In August 1986, myself and 20 other students landed in Tunis. We were a motley crew; there were 10 0f us from the United States, 1 Canadian, 9 Scandinavians and 1 French student-all between the ages of 16-18. The group of students from the United States came together in New York and spent a few days at a pre-arrival orientation. It was nice getting to know each other, before heading into what felt like no man’s land. Looking back with my older eyes, we were quite an interesting, eclectic group of young people.
After one night together in Tunis, we were sent off to our prospective host families. My host brother had just returned from the USA on a yearlong exchange so he knew the ropes. He was waiting for me at the AFS office with a big, welcoming smile on his face. Obviously, this was long before the advent of the internet, so we had made limited connections with each other pre-arrival. I was given my host families information about a month before setting off for Tunisia. I had pictures, occupation, and a bit of biographical information about each member of my new family.
So began my year….my brother, Issam, took me to his, I mean, my family’s home. The rest of my family was waiting for me at the apartment. My family lived in a two room apartment, in a suburb of Tunis-Hammam Lif. My first impression was concerning the size of the apartment; it was very small. But I quickly learned that the apartment was giant, in terms of the love found between the few walls.
A short description of my host family is needed here. My host mom, Faouzia, was a beautiful, energetic, loving mother. She was always ready to have fun. Every day, my mom was busy cleaning, cooking, and taking care of her family. Throughout her busy day, I would often find her with the radio blaring and her singing loudly along to the music and dancing her way through the apartment. My host father, Othman, was a very quiet man. He went to work at the local branch of the post office every morning. As a typical Tunisian man, after work, he would spend his time at his favorite local cafe with his friends. He was quietly aware of everything going on his family unit, but was more of an observer unless a decision had to be made concerning his clan. The oldest child was Issam – 2 years older than me. When I joined this family, Issam had just returned from an exchange year in Montana, so he understood me. He was always ready with explanations, love, and guidance for me. My sister Sara was the same age as me. We had a good, sisterly relationship; she reminded me a lot of my sister here in the United States. While I was living there, Sara was a dedicated student, studying all the time for the big end of the year exam. And then, there was my little sister Sonia – 2 years younger than me. Looking back, it feels as if Sonia and I were always together. We did everything together; from going to the hammam, to having the same friends at school. We shared our teenage secrets, life worries and lots of laughter…..In addition to the nuclear family, my host family consisted of a large, extended family; my grandmother (Oumi), many aunts and uncles, and numerous cousins.
Honestly, the first month was really rough for me. My host family was so loving towards me, but I was overwhelmed by the changes. And it was so hot. A few memories of those first days are so clear to me still. All the food was really hot, spicy hot-even the spaghetti. It felt as if my lips were on fire at the end of every lunch and dinner; my host mom knew that everything was hot and tried to be accommodating to my virgin taste buds, but it was no use. The mosques felt like they were constantly calling out for prayer time; for many weeks, I would wake up sometime between 4 and 5 a.m to the sound of the mosque, calling to the faithful. There was no washer or dryer in our apartment; this was quite a new situation for my spoiled hands – I helped my mom and sisters wash everything by hand. Catcalls, from young Tunisian men, were waiting for me from street corners, every time I left the sanctuary of my apartment. This was particularly difficult for me because I didn’t know what to do with this attention or how to handle it; my Sony Walkman became my “go to” when going anywhere. And there were the the public showers, or hammam, where we went to bathe. We Americans are quite modest when it comes to our bodies; we aren’t used to the public shower tradition. But like everything else on this small list (I could go on and on), I got used to and started to enjoy going to the hammam, usually with my little sister Sonia. And the heat, did I mention the heat?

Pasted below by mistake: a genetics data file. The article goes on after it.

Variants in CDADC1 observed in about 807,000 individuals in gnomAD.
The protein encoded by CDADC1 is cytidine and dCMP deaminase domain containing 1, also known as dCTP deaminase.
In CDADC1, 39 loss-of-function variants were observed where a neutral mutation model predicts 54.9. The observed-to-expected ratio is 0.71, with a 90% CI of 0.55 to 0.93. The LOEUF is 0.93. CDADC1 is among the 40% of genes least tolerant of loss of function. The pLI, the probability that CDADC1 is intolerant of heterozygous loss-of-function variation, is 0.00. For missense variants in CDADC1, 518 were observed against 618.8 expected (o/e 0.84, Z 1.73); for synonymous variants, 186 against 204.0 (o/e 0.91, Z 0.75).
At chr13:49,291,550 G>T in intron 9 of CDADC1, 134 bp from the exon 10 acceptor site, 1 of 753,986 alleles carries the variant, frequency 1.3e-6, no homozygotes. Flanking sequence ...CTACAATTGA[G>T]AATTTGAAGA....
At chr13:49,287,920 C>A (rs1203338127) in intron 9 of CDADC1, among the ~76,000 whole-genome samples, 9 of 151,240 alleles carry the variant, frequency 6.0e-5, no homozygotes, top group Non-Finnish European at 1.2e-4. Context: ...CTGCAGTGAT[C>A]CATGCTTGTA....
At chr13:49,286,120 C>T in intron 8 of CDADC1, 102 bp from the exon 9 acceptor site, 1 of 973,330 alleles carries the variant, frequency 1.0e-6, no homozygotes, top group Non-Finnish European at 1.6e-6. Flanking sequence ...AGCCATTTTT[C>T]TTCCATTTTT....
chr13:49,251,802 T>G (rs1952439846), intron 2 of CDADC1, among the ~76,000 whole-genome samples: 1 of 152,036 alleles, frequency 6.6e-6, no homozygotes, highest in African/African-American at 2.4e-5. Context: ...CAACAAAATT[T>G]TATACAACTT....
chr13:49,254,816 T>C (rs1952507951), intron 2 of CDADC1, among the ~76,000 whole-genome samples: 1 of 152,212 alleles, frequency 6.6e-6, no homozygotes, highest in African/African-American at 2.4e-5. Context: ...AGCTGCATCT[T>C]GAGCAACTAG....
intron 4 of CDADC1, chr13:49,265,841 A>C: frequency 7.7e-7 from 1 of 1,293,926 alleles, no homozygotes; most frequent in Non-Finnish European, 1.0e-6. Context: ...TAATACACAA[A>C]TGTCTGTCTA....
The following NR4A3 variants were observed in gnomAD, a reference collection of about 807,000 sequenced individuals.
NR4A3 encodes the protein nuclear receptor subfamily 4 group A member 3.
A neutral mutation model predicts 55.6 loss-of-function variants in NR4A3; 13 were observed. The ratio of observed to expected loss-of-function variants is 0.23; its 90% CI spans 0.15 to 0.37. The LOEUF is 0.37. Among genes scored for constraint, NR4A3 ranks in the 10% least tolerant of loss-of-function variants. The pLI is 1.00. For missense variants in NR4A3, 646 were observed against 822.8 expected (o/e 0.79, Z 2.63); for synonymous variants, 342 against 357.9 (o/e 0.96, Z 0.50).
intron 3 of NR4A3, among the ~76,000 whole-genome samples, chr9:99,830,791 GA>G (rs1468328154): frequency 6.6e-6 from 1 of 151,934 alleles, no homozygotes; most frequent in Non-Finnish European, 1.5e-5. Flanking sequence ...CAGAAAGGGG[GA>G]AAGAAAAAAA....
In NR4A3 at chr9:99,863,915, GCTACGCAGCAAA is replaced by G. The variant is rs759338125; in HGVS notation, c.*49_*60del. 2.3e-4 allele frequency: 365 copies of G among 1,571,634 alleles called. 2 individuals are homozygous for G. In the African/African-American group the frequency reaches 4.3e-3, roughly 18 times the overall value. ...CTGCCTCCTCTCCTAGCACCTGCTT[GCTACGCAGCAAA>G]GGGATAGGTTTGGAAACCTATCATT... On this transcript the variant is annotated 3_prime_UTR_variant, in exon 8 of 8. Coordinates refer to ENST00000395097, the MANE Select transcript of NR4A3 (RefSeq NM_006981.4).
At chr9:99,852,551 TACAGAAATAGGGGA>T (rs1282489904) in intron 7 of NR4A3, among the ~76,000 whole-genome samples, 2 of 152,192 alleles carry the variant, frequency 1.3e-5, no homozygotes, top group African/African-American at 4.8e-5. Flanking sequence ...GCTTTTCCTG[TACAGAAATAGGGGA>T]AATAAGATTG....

In addition to the radical changes in my daily life in Tunisia, my paternal grandmother passed away 3 weeks after I arrived in Tunis. As one could imagine, I was devastated and felt so alone. However, this experience was the turning point in the beginning of my year, as far as the beginning of my bonding with my host family. My host mother and I couldn’t communicate very well with each other. She and my father spoke Tunisian and French; my French was limited and my Tunisian was nonexistent. (My brother spoke perfect English and my sisters’ English skills were very good.) My host mother, along with the rest of the family, was right there for me when I needed to feel loved and safe. I remember her holding me while I cried and cried over the loss of my grandmother.
And my year? What did it look like? How did it feel? I can say that every day I felt as Alice did in Wonderland…..“Why, sometimes I’ve believed as many as six impossible things before breakfast.”
And with that, I will let my hands and your eyes rest. Look for a post sometime in the future, for the rest of the story.